The facts are blatant: The Church’s monopoly on its e-meter allows it to demand an obscene 285% profit margin on the retail price of its e-meter. In my opinion, the Church’s so-called pricing experts appear to have used 1950’s pricing models in which unrealistic pricing mark ups were used only as the price from which to begin discounting. This was a stratagem or a ruse designed to allowed sleazy companies to offer what appeared to be very steep price discounts. In actuality, it was usually an attempt to use cheap flattery to convince customers into thinking they were receiving an enormous discount because they were so important. The ridiculous and irrational pricing structures of the 1950’s have all been replaced by consumer contracts of adhesion laden with dishonest and deceptive small print, the net effect of which is to massively price gouge customers by locking them into sleazy contracts for 2-3 years. Think cell phone and credit card contracts.
After admitting to the IRS that it takes a monopolistic and extortionate 285% retail profit margin on the very e-meter required for spiritual salvation in Scientology, the Church then takes a great deal of pride in noting that IAS members pay 20% less for the meter. Imagine the nerve of the Church of Scientology: IAS members are price-gouged for a 208% profit margin on the meters necessary for their spiritual salvation. My thinking is that the profit margin on the new Ultra Mark VIII is even higher.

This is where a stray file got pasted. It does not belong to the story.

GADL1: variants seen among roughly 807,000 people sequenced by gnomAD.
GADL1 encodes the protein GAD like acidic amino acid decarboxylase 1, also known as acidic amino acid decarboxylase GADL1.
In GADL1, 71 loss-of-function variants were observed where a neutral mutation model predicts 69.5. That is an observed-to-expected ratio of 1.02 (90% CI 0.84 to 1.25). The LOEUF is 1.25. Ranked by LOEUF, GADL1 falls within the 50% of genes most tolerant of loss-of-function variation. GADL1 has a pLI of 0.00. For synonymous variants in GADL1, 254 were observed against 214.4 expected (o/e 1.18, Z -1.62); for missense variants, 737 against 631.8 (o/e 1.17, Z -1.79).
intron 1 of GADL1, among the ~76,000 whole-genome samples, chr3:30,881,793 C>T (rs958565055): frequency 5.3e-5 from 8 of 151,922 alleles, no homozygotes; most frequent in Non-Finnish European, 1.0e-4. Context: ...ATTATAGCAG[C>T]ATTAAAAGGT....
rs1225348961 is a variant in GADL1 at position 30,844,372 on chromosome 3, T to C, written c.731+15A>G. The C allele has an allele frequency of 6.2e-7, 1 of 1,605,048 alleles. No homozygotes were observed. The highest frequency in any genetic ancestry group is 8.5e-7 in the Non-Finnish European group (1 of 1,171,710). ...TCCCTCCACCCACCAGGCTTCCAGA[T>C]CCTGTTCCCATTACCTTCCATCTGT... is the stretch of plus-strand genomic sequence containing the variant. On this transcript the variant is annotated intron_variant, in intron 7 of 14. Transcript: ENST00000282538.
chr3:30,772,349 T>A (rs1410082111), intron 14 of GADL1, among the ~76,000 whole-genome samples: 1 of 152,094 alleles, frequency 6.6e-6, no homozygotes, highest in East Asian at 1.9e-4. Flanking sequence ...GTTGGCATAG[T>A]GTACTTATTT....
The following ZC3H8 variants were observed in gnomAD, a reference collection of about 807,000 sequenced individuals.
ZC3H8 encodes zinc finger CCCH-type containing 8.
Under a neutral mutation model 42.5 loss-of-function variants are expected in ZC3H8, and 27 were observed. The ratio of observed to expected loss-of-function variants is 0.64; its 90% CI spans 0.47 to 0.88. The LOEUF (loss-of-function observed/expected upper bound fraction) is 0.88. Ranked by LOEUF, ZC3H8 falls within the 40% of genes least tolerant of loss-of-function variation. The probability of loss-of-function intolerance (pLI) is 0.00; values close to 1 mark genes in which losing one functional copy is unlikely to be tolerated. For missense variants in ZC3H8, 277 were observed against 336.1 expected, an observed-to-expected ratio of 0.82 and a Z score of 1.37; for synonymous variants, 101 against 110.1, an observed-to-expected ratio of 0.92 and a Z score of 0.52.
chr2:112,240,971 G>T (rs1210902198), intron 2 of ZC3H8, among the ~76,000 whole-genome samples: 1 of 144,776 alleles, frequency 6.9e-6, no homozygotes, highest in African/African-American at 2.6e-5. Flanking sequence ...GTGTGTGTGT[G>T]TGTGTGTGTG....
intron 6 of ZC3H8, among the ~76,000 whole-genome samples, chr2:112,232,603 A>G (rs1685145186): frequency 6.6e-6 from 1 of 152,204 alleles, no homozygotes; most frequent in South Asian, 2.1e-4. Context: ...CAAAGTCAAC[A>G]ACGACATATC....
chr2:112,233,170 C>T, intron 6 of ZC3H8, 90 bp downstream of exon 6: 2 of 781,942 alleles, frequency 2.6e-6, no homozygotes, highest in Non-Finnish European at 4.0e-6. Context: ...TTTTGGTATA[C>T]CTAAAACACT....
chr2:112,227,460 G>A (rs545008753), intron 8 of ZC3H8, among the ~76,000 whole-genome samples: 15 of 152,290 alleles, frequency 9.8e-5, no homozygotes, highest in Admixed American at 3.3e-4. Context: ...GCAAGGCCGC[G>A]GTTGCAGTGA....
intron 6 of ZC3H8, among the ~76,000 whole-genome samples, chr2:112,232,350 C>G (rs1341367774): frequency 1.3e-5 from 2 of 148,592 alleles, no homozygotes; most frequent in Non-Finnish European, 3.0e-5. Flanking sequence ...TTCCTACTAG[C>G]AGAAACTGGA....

Shown below, the 1993 filing offers a cost breakdown of the e-meter. This breakdown nicely confirms Marc Headley’s estimate that the Mark VII and Quantum e-meters cost about $400 each to make at Golden Era. This cost breakdown further shows a royalty of $426.10 taken on each meter. Again, this is pure greed and hypocrisy: Given that L. Ron Hubbard donated all of his works to the Church, why must a royalty be taken by the Church on anything Hubbard donated?
Supporting document from the Church of Scientology’s 1993 submission to the IRS. This section of the document discusses Church pricing and profit policy on books, meters, and jewelry. Note: Please hover your cursor over the document to invoke the page up/page down controls at the bottom of the document.Scientology.Profit.Margins
Categories: The Scientology Money Project
I love how you tell it how it is Jeff. Thank you.
And they charge $5,000 for new Ultra Mark VIII E-Meter why?
I wonder what Volney Mathison, the man who developed the E-Meter, would say on current prices. How religious!
I suspected they were charging a great deal more for E-Meters than they cost.
I thought they were charging more for e-meters than they really cost.